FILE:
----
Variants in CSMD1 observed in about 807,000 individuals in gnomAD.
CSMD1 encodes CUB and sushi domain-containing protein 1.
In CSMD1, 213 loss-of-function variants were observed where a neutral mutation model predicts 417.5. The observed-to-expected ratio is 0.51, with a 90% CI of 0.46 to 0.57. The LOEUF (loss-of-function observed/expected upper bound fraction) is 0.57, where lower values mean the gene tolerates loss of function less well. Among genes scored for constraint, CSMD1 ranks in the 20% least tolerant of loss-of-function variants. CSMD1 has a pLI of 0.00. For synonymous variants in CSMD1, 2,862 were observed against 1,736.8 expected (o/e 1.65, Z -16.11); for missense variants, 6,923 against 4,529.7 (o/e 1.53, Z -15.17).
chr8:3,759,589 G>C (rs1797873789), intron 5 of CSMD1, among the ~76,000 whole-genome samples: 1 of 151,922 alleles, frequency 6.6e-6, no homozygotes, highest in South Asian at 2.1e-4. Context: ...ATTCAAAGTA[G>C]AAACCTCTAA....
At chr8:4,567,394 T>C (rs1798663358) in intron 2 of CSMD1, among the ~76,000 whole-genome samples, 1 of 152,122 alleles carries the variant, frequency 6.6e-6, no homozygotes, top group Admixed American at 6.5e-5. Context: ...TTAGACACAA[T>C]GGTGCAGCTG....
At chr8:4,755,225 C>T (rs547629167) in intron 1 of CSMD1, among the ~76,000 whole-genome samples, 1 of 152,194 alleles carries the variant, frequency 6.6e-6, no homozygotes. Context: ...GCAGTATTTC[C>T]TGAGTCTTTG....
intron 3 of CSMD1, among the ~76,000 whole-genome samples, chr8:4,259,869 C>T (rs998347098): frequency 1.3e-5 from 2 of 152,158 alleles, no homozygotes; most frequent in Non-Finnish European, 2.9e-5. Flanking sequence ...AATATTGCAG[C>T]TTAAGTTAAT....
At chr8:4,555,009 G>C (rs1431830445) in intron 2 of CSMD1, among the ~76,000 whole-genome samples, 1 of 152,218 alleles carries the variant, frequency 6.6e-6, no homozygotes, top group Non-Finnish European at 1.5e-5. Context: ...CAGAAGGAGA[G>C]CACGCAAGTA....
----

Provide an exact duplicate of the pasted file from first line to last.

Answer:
Variants in CSMD1 observed in about 807,000 individuals in gnomAD.
CSMD1 encodes CUB and sushi domain-containing protein 1.
In CSMD1, 213 loss-of-function variants were observed where a neutral mutation model predicts 417.5. The observed-to-expected ratio is 0.51, with a 90% CI of 0.46 to 0.57. The LOEUF (loss-of-function observed/expected upper bound fraction) is 0.57, where lower values mean the gene tolerates loss of function less well. Among genes scored for constraint, CSMD1 ranks in the 20% least tolerant of loss-of-function variants. CSMD1 has a pLI of 0.00. For synonymous variants in CSMD1, 2,862 were observed against 1,736.8 expected (o/e 1.65, Z -16.11); for missense variants, 6,923 against 4,529.7 (o/e 1.53, Z -15.17).
chr8:3,759,589 G>C (rs1797873789), intron 5 of CSMD1, among the ~76,000 whole-genome samples: 1 of 151,922 alleles, frequency 6.6e-6, no homozygotes, highest in South Asian at 2.1e-4. Context: ...ATTCAAAGTA[G>C]AAACCTCTAA....
At chr8:4,567,394 T>C (rs1798663358) in intron 2 of CSMD1, among the ~76,000 whole-genome samples, 1 of 152,122 alleles carries the variant, frequency 6.6e-6, no homozygotes, top group Admixed American at 6.5e-5. Context: ...TTAGACACAA[T>C]GGTGCAGCTG....
At chr8:4,755,225 C>T (rs547629167) in intron 1 of CSMD1, among the ~76,000 whole-genome samples, 1 of 152,194 alleles carries the variant, frequency 6.6e-6, no homozygotes. Context: ...GCAGTATTTC[C>T]TGAGTCTTTG....
intron 3 of CSMD1, among the ~76,000 whole-genome samples, chr8:4,259,869 C>T (rs998347098): frequency 1.3e-5 from 2 of 152,158 alleles, no homozygotes; most frequent in Non-Finnish European, 2.9e-5. Flanking sequence ...AATATTGCAG[C>T]TTAAGTTAAT....
At chr8:4,555,009 G>C (rs1431830445) in intron 2 of CSMD1, among the ~76,000 whole-genome samples, 1 of 152,218 alleles carries the variant, frequency 6.6e-6, no homozygotes, top group Non-Finnish European at 1.5e-5. Context: ...CAGAAGGAGA[G>C]CACGCAAGTA....